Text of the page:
Insurance (in blackjack): A side bet offered by casinos in blackjack that allows a player to bet up to half of the amount of his bet that the dealer has a natural when the dealer's upcard is an ace. It pays 2:1. -- BJ21.com Glossary of Terms
Basic strategy says never take insurance. Even if you have a natural, you are better off not insuring it. (A basic-strategy player is) better off winning 3:2 most of the time than winning even money for sure …
As soon as you see the dealer’s ace, (a card counter should) begin considering whether to buy insurance. If the Hi-Lo true count is greater than or equal to +3, make the bet. -- Professional Blackjack by Stanford Wong
Question: Is it wise to offer to buy other players' insurance if they let you?
Eight-deck shoe and the Hi-Lo true count was +7. I had my max bet of $300 out and another player -- a high-rolling ploppy -- was betting two purple chips each on two spots. The dealer showed an Ace and only I insured. Dealer turned a blackjack. Later it occurred to me I could have, if it’s allowed, made up to $1000 in side bets on the insurance (I could also have insured for less) on the high-roller's hand. In fact, why not total all the players' bets and insure for half that amount against a blackjack? This seems like a high EV play. Other than getting the pit’s attention, what are the drawbacks?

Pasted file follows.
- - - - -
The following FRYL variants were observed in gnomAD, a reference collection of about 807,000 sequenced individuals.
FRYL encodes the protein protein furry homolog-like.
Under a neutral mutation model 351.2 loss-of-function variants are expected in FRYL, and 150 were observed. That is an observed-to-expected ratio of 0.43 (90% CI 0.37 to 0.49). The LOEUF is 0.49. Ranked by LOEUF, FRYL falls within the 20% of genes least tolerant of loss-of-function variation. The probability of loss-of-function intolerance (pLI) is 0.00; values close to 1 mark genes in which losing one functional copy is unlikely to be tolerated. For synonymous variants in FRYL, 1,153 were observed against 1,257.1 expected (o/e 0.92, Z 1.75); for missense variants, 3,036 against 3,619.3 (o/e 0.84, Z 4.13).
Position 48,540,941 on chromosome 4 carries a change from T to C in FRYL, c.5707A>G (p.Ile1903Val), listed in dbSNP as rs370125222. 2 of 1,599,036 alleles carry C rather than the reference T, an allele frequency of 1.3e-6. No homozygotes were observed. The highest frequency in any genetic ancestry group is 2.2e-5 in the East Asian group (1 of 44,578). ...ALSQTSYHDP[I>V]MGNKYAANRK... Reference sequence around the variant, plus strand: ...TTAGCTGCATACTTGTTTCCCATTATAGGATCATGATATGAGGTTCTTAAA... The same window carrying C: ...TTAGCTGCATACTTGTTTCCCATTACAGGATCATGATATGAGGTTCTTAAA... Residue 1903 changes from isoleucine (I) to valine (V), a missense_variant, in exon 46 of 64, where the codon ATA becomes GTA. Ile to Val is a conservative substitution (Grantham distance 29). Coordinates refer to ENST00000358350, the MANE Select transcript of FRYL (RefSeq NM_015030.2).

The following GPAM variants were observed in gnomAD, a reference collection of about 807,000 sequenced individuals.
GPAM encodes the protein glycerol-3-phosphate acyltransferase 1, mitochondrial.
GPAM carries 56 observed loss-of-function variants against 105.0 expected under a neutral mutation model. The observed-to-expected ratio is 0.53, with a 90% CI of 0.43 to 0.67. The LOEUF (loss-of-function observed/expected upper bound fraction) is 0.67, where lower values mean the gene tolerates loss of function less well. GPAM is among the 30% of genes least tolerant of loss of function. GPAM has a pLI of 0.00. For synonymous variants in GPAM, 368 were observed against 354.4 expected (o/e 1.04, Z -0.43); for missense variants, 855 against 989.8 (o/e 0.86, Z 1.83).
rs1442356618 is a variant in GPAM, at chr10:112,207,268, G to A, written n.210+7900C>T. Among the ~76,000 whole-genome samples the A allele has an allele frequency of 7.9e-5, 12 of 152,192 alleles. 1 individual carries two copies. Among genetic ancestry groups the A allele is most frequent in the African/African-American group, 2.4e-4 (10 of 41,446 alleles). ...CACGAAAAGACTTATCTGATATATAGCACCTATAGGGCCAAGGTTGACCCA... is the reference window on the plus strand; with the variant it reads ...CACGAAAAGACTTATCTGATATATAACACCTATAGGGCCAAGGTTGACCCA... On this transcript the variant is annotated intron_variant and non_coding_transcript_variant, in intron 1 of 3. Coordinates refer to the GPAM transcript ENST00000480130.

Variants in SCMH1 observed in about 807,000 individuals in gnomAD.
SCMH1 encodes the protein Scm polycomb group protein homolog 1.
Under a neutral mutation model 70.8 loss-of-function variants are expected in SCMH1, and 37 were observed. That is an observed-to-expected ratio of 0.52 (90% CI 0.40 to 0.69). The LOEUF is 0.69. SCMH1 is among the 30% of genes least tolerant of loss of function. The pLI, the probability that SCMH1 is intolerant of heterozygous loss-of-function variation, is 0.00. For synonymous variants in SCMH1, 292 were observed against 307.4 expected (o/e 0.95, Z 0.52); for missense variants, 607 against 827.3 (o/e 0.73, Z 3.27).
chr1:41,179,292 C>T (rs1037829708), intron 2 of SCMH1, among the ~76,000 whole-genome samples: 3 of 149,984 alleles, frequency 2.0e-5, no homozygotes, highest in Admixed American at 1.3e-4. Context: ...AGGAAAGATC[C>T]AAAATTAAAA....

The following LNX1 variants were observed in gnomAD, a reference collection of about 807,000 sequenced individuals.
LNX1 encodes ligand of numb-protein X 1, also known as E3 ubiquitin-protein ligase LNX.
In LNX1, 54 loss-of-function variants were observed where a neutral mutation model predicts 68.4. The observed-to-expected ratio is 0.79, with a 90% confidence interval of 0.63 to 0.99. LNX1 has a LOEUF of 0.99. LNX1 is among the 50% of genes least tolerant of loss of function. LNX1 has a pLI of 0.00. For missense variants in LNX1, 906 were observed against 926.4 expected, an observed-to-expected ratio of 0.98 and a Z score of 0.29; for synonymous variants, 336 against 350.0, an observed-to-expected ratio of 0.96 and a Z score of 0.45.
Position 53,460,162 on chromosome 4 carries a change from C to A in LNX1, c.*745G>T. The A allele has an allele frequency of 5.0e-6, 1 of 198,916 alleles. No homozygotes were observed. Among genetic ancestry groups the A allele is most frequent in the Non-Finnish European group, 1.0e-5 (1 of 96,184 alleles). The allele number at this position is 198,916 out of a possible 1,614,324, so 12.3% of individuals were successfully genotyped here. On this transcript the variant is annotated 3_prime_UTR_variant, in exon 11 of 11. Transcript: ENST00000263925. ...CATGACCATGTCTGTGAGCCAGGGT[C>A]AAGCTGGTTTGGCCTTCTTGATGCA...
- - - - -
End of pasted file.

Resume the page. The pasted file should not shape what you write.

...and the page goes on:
LV Bear: I’ve made this play a couple of times and would like to do it routinely, but long ago made a decision not to.
You're right, it brings tremendous pit attention, which despite the high EV, makes it unwise. Since you obviously will make this play only when correct to do so, even the dumbest/laziest pit employee will figure it (and you) out in little time. It’s maybe okay no more than once per session when others have a lot of money out there and you're about to leave anyway.
Other problems include comments and questions from the other players, which are harder to ignore once you have, in effect, bet on their hands, at least the way they will see it. Worse, you could have a player try to take your winnings, either through ignorance (thinking you were trying to "help" him save his money, perhaps just because you're a nice person), or outright greed or theft. This will place you, the dealer, and the pit in an awkward position.
Though this seems like a great play at the correct times, I think the potential for problems far outweighs the EV. If you know and trust the other player, it may not be bad. But in such a case, the other player is likely to simply take their own insurance every time you do, since they either know or suspect that you know something they don't know (the count).
Originally published on bj21.com Green Chip, edited for this format.